New Malaria Poses Human Threat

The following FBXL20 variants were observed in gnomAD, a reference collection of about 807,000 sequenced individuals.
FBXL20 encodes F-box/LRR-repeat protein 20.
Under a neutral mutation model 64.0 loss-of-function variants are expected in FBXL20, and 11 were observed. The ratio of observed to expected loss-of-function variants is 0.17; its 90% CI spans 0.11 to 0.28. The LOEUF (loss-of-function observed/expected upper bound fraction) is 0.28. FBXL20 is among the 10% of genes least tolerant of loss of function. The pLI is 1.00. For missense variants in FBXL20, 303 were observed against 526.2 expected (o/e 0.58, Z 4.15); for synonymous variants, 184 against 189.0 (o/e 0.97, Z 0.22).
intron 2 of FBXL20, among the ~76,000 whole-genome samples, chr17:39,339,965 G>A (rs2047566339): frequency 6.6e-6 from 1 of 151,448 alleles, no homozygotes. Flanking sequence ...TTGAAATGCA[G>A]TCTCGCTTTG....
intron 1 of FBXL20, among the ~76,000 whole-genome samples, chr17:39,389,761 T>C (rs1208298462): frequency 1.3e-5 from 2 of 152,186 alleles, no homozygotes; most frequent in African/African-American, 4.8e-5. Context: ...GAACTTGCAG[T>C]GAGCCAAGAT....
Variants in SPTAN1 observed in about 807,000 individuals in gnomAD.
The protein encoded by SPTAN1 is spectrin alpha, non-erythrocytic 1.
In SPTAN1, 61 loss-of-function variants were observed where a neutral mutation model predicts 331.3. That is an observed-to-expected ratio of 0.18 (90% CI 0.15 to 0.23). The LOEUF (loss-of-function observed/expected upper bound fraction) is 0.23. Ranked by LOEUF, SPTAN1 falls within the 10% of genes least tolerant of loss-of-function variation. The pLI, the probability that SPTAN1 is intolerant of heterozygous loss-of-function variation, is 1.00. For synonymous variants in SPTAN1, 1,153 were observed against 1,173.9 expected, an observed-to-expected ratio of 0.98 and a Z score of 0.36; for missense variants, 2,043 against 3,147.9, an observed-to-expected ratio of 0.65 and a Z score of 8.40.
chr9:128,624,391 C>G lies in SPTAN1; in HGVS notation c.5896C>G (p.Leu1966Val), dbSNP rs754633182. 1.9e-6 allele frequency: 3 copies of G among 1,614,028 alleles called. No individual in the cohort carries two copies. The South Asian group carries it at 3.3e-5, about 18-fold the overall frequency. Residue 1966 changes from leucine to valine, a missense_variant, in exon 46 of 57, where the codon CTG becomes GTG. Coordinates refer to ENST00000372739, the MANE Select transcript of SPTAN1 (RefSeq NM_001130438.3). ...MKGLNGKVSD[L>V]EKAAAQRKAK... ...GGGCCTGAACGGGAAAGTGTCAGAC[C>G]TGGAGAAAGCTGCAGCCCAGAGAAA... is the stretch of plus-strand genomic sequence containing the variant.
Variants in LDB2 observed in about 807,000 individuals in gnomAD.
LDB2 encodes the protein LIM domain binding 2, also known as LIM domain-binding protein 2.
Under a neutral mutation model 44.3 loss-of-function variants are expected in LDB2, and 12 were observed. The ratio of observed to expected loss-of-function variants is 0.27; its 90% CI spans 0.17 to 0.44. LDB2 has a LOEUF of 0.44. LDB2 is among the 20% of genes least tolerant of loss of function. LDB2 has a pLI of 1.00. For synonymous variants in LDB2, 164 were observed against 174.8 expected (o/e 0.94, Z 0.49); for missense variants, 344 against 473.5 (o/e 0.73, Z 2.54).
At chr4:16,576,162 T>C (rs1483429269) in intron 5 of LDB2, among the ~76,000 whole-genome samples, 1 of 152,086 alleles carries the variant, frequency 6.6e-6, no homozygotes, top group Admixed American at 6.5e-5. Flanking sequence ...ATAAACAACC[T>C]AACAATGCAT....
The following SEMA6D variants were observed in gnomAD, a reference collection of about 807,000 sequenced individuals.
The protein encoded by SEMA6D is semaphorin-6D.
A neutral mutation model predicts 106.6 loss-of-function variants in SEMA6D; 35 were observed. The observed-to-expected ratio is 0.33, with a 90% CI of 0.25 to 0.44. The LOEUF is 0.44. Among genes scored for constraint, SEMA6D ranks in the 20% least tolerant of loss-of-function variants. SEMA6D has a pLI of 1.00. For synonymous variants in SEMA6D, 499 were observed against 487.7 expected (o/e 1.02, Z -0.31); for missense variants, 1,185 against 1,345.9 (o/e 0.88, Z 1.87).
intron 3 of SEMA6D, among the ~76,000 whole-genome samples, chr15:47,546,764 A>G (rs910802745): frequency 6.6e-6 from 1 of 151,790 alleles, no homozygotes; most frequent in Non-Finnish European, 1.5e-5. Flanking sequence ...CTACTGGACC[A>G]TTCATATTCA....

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1250 But if not properly diagnosed, it can be as deadly as dreaded malarial parasites like P. falciparum. Since P. knowlesi has the ability to reproduce every 24 hours in the blood, urgent medical treatment is needed in cases of infection, failing to which it can turn deadly. The research, headed by Professor Balbir Singh of University Malaysia Sarawak, involved testing over 150 patients with malaria infection admitted to hospital in Sarawak between July 2006 and January 2008. Their study revealed that more than two-thirds of these infections were caused by P. knowlesi. Since the major symptom among patients infected with P. knowlesi was the low blood platelet count in them, doctors can take it as a lead to further diagnosis even in places where P. knowlesi is not yet detected to be the cause of malaria. Professor Balram suggests that while treating a patient who had visited a place where P. knowlesi is detected to be the cause of malarial infections among humans, clinicians should be “aware of the diagnosis, clinical manifestations, and rapid and potentially serious course of P. knowlesi malaria”. The study throws light on the future possibilities of having to deal with new kinds of deadly malaria.